Archive for the ‘dance’ Category

The Frustrations of a Would Be Writer

July 3, 2009

Today the temperature was more than 30 degrees Celsius. I know for many of you this probably represents springtime conditions. But for me it is just too, too hot. Nevertheless I have actually achieved quite a lot. This has necessitated numerous lie down on the sofa with the air conditioning on. I’m trying to do my bit for the environment and I felt bad about turning it on. I have also dutifully increased my intake of water.

The reason why the day has not been entirely satisfactory for me lies with the choices I had to make earlier in the day. I am a great believer in prioritizing tasks so clearly making a loving input into my neglected website Dance to Health was the first thing on the list.

In my heart though I longed to begin work on my second book. I wanted to start designing the plan of the town where the story is set. This plan kept coming into my mind and needed to be firmly banished. One of the signs of the passage of time where I am concerned is that I am no longer so good at multitasking. I need to fully concentrate on one thing at a time so I do not like switching from one projet to another.

When I wrote Tales my Ghanaian Grandmother Told MeI had the exceptionally good fortune of being able to concentrate solely on that project. Now like most people I have to find a specific time to write. Getting up an hour or so earlier is not appealing but may be the way forward as going to bed later is out of the question. I’m going to have to find a solution. I have ideas for the book which I am dying to put to paper but the problem is one of organization.

But that’s life and these things are sent to try us. When I’ve found a solution I’ll let you know!


The Sounds of a Gemelan Orchestra will always remind me of graceful Balinese Dancers

June 25, 2009


Dance and the all pervasive sound of gamalan orchestras drifting through the perfumed air will forever remain for me an enduring memory of the Indonesian island of Bali. I remember the orchestras mainly as an accompaniment to dance and theatrical events.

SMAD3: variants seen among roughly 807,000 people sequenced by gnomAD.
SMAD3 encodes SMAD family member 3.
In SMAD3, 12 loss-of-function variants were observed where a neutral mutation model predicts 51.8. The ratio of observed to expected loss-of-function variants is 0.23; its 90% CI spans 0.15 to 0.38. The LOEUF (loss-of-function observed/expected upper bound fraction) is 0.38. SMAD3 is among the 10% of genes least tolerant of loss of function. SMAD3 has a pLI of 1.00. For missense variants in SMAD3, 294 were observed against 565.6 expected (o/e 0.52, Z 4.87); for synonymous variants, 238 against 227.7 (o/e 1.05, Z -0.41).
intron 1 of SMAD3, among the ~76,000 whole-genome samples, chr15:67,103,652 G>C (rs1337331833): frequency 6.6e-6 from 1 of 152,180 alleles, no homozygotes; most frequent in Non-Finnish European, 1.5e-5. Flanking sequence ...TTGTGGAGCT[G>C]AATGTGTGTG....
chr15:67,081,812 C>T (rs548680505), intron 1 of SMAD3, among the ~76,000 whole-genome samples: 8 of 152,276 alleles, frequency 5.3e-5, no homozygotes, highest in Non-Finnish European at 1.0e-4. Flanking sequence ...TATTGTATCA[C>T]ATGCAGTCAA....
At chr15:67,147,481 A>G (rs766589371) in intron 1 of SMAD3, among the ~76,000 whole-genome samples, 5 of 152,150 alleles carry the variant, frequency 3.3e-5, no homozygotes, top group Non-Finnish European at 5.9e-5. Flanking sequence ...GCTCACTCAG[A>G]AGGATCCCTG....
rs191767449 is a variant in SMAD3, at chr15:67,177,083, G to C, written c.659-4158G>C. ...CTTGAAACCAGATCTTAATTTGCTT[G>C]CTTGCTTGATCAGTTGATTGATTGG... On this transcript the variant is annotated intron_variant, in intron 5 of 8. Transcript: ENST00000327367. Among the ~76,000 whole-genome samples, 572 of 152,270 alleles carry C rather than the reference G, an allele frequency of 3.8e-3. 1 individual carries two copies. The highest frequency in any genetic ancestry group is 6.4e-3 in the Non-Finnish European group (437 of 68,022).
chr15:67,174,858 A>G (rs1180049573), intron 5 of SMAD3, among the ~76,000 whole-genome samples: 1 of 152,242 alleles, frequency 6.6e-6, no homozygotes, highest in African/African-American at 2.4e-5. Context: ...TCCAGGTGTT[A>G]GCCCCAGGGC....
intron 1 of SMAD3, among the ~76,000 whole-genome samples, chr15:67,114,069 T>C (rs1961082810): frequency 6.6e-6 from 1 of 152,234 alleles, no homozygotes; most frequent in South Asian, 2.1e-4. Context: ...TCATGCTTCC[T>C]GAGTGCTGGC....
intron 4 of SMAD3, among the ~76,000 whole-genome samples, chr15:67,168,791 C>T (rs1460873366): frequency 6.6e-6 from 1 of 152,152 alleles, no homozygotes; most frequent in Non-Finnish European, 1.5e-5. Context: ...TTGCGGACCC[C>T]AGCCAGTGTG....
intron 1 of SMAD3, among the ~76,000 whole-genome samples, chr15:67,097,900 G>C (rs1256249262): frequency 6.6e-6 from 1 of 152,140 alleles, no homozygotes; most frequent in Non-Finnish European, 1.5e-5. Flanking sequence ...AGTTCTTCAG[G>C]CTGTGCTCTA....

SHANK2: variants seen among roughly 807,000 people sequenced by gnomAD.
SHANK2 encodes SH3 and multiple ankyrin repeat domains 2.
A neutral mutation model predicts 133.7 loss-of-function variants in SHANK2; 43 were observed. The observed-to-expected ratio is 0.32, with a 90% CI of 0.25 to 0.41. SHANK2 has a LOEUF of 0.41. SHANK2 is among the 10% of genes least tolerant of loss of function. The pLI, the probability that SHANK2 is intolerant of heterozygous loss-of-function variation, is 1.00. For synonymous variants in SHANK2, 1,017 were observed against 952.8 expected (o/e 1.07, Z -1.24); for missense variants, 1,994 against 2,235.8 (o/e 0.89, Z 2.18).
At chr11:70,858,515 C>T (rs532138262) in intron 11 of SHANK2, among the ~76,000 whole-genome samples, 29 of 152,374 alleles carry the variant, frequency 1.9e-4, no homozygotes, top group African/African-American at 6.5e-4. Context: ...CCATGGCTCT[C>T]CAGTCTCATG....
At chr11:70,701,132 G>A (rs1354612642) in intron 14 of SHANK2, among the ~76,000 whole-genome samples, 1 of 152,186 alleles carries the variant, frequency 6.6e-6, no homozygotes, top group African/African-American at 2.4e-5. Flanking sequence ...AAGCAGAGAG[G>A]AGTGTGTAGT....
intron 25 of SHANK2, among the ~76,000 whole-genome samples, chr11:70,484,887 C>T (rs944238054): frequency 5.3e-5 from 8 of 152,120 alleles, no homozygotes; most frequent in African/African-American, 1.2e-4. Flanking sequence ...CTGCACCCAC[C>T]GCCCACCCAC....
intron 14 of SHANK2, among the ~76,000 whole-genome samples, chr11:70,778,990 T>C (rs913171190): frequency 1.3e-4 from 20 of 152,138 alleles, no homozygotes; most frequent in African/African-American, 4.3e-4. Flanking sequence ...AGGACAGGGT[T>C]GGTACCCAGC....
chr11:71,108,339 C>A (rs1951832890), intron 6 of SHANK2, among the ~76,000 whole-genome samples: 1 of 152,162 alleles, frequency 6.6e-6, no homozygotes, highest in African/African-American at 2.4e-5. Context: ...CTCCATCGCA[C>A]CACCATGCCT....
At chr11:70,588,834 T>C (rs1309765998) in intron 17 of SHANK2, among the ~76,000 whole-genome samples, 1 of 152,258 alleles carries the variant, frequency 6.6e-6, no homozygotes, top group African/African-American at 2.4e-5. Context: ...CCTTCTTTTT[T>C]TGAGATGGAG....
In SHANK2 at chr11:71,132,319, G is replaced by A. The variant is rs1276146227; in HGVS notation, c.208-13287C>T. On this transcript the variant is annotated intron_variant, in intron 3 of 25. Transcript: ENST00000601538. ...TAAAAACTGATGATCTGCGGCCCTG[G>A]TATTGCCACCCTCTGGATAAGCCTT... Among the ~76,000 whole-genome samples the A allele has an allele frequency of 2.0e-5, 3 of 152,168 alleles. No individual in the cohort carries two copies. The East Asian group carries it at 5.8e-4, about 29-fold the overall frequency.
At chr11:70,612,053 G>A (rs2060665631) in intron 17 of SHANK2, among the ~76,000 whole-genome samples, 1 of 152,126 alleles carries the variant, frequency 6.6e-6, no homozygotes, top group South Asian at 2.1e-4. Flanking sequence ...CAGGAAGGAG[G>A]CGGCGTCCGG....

In Yogyakarta the performers are young girls from the royal family or the nobility.They must be virgins and as soon as they start to menstruate they must retire. As they perform rarely these days some girls will only ever be seen at practice but they will never dance officially in public.

One evening I went to Peliatan village near Ubud for a performance by the Mekar Sari ladies orchestra and children’s dancing group.It is very unusual to have a womans gamelan group. The ladies were in their middle years and obviously loved playing. The girls scattered flower petals to welcome the audience. Then came the Baris (a warrior dance) this time enacted by a boy of about eleven. He gave a magnificent performance. I had seen a performance by a woman at the palace in Ubud.

Then we watched Tari Kelinci which was about rabbits. This is a recent piece created by a graduate of the Academy of Performing Arts. It was perfectly suited to children and had great charm.

This was followed by Tari Tenun which was about weaving. It portrayed how the balinese prepare threads then how they warp the loom.

The finale was Tari Kijang, Kencana about a golden deer. All the children taking part were dressed in beautiful colours and expensive materials. A family has to be relatively affluent to send a child to classes because of the high cost of the costumes.

I also watched a weekly session at the palace.The girls practiced to a cassette recording. To my surprise the teacher demonstrated with her back to the girls and never turned round or corrected them.There were no mirrors so perhaps it was more important that the children learned through watching her back view. As far as I could make out the most experienced girls were in the front line with beginners at the very back. The girls appeared to be in the 5-15 year old range. They wore cloths tied over lycra pedal-pushers and didn’t look in the least bit picturesque. There were far fewer boys to be seen.